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Among of the things that go with being a defending national champion are absurdly high expectations and constant nitpicking. Well, being one of the premier nitpickers in this room, time is to again look at the concerns that Florida must have looking down the road.

At the top of the list has to be the increasingly unreliable play of the Gators’ non-starters. Saturday was another example of how Billy Donovan has become less and less trusting of the guys who come in off the bench. In the first half against Ole Miss, the Florida reserves combined to play 29 minutes, score ten points and grab five rebounds. That’s solid, useful play from Walter Hodge, Chris Richard and the freshmen.

However in the second half, Florida’s subs were awful, especially on defense. Repeated breakdowns helped Ole Miss to rally and they were nowhere to be found in helping get the ball up the court against the Rebel’s press. In the final 20 minutes of the game, the Gators got just 16 minutes from its guys on the bench who combined for zero points, zero rebounds and a pair of turnovers.

Poor Play Continues Trend

Florida’s struggles off the bench are part of an ongoing pattern since the start of conference play. In four SEC games, the Gators have gotten just 45 points and 27 rebounds from non-starters. That’s just eleven points and seven boards a night. That’s not terrible, but you would much rather see about twice that. The reserves also have a minus-three (7/10) assist/turnover ratio.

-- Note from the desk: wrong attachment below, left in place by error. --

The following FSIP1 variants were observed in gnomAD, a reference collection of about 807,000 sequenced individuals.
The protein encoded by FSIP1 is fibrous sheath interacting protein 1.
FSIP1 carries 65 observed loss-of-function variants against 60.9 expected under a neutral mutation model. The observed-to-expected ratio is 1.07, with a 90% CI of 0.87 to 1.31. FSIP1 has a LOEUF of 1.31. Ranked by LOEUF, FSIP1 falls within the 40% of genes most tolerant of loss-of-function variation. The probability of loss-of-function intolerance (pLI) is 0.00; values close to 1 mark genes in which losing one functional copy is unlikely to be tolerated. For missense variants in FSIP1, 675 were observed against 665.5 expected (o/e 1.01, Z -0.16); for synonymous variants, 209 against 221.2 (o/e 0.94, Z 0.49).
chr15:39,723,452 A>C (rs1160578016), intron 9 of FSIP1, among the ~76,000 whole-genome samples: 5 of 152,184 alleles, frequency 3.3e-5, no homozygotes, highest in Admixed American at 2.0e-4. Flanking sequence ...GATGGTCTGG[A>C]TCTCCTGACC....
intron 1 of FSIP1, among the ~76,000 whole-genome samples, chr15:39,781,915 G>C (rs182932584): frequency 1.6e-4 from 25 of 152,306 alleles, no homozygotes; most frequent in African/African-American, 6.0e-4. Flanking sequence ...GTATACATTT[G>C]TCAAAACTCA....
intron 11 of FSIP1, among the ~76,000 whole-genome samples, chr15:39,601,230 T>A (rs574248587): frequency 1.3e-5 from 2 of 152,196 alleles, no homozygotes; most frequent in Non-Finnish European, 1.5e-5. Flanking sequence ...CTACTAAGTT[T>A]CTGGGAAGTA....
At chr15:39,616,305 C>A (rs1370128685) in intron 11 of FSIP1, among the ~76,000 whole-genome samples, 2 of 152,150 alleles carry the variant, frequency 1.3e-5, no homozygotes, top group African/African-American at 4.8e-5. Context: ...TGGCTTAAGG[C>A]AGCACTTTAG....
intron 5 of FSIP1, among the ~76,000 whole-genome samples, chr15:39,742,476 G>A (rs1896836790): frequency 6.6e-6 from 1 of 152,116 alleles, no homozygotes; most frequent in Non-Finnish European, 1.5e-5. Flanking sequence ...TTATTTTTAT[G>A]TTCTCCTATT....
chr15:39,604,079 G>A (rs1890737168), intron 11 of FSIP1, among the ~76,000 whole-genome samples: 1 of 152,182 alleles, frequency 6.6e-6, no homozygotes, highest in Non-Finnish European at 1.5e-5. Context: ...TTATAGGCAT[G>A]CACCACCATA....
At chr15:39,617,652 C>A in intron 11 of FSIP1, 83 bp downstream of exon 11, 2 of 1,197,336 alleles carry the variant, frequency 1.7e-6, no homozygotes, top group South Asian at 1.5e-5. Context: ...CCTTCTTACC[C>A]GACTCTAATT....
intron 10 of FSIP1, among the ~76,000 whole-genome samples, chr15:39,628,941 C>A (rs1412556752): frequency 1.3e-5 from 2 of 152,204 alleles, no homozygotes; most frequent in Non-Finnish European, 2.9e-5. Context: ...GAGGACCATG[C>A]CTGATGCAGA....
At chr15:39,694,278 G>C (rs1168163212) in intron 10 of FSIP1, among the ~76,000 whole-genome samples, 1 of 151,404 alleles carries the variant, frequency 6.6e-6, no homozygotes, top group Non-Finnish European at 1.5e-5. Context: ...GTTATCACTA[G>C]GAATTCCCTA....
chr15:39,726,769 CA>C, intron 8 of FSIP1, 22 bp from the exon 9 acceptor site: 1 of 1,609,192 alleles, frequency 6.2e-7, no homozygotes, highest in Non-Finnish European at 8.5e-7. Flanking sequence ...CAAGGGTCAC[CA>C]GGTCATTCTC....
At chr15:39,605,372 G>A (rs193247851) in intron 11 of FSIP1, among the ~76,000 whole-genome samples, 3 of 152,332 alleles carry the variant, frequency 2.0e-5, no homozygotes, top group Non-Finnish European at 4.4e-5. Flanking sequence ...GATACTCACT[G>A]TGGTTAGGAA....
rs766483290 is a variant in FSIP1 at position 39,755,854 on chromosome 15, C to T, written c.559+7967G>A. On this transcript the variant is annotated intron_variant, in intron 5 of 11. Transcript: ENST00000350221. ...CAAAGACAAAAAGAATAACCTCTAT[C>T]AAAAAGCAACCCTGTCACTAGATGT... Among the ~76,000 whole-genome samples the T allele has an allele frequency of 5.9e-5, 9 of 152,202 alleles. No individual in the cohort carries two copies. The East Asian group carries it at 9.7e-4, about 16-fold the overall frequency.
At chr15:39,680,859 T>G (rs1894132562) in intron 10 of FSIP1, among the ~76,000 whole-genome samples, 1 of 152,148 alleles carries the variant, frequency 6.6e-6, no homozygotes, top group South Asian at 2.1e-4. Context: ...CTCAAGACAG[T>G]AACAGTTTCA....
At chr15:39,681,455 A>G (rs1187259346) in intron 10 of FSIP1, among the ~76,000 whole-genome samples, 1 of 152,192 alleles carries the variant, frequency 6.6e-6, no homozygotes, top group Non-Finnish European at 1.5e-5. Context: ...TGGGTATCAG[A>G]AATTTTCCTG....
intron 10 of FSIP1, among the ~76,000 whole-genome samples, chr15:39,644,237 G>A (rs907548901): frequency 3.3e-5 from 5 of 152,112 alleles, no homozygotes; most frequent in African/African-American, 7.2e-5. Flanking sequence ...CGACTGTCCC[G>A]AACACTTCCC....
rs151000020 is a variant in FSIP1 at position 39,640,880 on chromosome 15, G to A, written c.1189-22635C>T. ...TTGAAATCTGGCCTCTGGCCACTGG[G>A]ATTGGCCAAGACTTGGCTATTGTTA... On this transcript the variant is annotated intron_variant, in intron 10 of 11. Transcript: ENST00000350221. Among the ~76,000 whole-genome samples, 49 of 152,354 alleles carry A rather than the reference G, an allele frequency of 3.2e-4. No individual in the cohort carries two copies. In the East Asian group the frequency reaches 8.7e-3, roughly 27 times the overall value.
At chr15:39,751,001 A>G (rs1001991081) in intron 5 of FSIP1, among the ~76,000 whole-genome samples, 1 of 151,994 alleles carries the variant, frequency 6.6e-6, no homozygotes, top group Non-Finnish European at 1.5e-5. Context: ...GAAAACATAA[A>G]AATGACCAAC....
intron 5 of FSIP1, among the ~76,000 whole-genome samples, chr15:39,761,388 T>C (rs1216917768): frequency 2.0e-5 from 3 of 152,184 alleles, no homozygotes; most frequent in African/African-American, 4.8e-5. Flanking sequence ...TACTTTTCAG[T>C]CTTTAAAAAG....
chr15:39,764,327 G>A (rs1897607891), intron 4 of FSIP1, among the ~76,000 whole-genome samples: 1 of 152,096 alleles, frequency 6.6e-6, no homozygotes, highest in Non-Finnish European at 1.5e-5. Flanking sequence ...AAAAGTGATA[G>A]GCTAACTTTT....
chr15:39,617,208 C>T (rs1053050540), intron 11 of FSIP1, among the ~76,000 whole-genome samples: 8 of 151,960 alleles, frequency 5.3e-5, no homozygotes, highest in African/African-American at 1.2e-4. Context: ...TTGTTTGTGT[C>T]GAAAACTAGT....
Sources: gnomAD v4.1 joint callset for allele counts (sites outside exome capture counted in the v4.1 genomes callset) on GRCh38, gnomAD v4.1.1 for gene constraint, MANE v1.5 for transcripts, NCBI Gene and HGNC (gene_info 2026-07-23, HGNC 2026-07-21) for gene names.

In the tougher non-conference games the bench play has been sporadic at best. Against UAB Florida got 17 points from its reserves, but ten of those came from Al Horford who played 29 minutes. Horford (10/6) out performed starter Chris Richard (8/2) in most points and rebounds. Against Ohio State, Florida’s bench delivered 21 points and 16 rebounds, but that, too is deceptive. Horford (11/11) had a double-double and Dan Werner (8/4) did the rest of the damage in is best day as a Gator.

In the Kansas game, the bench played 54 minutes but produced just two points and against FSU it was seven points in 44 minutes. Those numbers are just dreadful. All totaled in Florida eight toughest games, the bench has contributed 92 points and 66 rebounds and Al Horford was responsible for 21 of the points and 17 boards.

Hodge is the Key

While Chris Richard has struggled in recent games, and really had a bad day against Ole Miss, I don’t see any cause for concern there. Richard has a track record of making significant contributions and there’s no doubt in my mind he will do so the rest of the way. He’ll continue to deliver five or six points and three-to-five rebounds.

The real key guy is sophomore guard Walter Hodge who has been riding the roller coaster with his performances this season. Hodge scored 17 points and committed just one turnover in 32 minutes against Florida State, but in four SEC games he has totaled just twelve points while committing seven turnovers in 73 minutes. He had a good game in the blowout of South Carolina, playing 25 minutes, scoring five points and dishing out five assists with just one turnover, but in the three competitive SEC games it’s been a different story. In those contests, Hodge has played 48 minutes, scoring seven points with six giveaways. Overall in four SEC games Hodge is shooting just over 30 percent (5-for-16) after making almost two-thirds of his shots in the pre-conference schedule.

Walter Hodge has to give Florida about ten good minutes a half from here on in. That’ll keep Taurean Green around 30 minutes a game instead of the 35 he’s played in the SEC games. Green wore down last year and while his floor leadership didn’t suffer, his shooting did as evidenced by his 14-for-51 shooting in the NCAA Tournament. The Gators survived that woeful shooting a year ago, but they sure would be a lot better off come tournament time if Green is shooting like he has so far this season (51 % FG, 43 % 3-pt ), instead of how he shot it late last year. Quality play from Walter Hodge might be the single most important factor in making that happen.